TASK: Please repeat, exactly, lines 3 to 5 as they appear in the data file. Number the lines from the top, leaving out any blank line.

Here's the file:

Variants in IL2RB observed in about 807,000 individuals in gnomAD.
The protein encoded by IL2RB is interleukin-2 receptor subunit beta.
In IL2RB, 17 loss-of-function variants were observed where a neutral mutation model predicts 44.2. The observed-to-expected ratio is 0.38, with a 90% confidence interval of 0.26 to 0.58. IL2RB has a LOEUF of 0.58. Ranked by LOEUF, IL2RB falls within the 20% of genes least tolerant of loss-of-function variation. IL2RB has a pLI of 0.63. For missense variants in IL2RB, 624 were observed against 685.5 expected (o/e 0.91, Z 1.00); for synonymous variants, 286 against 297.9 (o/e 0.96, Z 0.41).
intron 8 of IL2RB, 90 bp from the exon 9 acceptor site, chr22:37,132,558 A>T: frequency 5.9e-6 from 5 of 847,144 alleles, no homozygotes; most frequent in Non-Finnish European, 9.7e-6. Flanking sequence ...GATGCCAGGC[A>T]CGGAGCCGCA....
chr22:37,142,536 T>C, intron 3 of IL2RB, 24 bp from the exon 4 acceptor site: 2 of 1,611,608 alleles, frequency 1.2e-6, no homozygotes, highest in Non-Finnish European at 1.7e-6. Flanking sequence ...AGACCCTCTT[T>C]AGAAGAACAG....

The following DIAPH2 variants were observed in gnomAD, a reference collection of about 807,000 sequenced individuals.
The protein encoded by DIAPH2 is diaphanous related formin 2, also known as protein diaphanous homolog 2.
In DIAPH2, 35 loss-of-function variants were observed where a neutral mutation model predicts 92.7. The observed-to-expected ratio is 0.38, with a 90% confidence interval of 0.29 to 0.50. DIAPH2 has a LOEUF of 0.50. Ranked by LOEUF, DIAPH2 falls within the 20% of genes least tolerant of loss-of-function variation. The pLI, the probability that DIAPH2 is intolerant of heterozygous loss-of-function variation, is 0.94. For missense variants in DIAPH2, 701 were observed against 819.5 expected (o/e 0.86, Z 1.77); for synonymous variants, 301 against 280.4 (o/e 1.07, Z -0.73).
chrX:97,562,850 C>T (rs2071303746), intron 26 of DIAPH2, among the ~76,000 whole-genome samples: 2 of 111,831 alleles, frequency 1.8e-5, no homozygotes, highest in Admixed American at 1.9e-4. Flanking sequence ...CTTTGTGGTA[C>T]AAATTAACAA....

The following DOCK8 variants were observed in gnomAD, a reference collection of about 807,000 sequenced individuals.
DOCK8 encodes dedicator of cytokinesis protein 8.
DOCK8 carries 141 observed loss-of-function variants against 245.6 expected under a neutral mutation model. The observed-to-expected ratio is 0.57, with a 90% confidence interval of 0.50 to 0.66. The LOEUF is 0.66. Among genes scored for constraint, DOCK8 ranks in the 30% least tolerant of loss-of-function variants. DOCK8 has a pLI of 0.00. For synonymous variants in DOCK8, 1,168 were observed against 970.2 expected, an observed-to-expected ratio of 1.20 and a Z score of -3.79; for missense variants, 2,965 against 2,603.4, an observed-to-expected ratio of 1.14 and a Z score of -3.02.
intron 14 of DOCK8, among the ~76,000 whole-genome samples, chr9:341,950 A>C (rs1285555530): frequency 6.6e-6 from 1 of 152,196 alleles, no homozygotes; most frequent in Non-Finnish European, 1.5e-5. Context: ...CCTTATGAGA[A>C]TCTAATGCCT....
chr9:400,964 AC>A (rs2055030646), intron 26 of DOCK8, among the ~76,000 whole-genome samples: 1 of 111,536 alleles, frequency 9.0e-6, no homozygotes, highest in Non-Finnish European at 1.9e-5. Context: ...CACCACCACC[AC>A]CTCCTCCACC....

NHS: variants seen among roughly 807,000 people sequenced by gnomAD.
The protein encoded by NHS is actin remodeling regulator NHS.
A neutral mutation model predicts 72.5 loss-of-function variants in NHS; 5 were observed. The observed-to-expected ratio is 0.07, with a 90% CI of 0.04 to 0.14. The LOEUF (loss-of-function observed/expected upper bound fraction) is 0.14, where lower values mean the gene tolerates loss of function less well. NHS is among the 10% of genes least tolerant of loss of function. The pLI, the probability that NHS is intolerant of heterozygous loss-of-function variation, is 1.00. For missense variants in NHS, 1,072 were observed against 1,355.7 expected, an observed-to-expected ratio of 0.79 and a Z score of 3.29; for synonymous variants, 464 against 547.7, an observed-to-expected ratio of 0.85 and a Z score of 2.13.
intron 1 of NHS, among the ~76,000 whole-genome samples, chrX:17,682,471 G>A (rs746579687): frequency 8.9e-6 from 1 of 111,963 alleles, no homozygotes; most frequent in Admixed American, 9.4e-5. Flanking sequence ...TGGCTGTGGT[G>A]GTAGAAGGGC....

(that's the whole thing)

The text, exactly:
In IL2RB, 17 loss-of-function variants were observed where a neutral mutation model predicts 44.2. The observed-to-expected ratio is 0.38, with a 90% confidence interval of 0.26 to 0.58. IL2RB has a LOEUF of 0.58. Ranked by LOEUF, IL2RB falls within the 20% of genes least tolerant of loss-of-function variation. IL2RB has a pLI of 0.63. For missense variants in IL2RB, 624 were observed against 685.5 expected (o/e 0.91, Z 1.00); for synonymous variants, 286 against 297.9 (o/e 0.96, Z 0.41).
intron 8 of IL2RB, 90 bp from the exon 9 acceptor site, chr22:37,132,558 A>T: frequency 5.9e-6 from 5 of 847,144 alleles, no homozygotes; most frequent in Non-Finnish European, 9.7e-6. Flanking sequence ...GATGCCAGGC[A>T]CGGAGCCGCA....
chr22:37,142,536 T>C, intron 3 of IL2RB, 24 bp from the exon 4 acceptor site: 2 of 1,611,608 alleles, frequency 1.2e-6, no homozygotes, highest in Non-Finnish European at 1.7e-6. Flanking sequence ...AGACCCTCTT[T>C]AGAAGAACAG....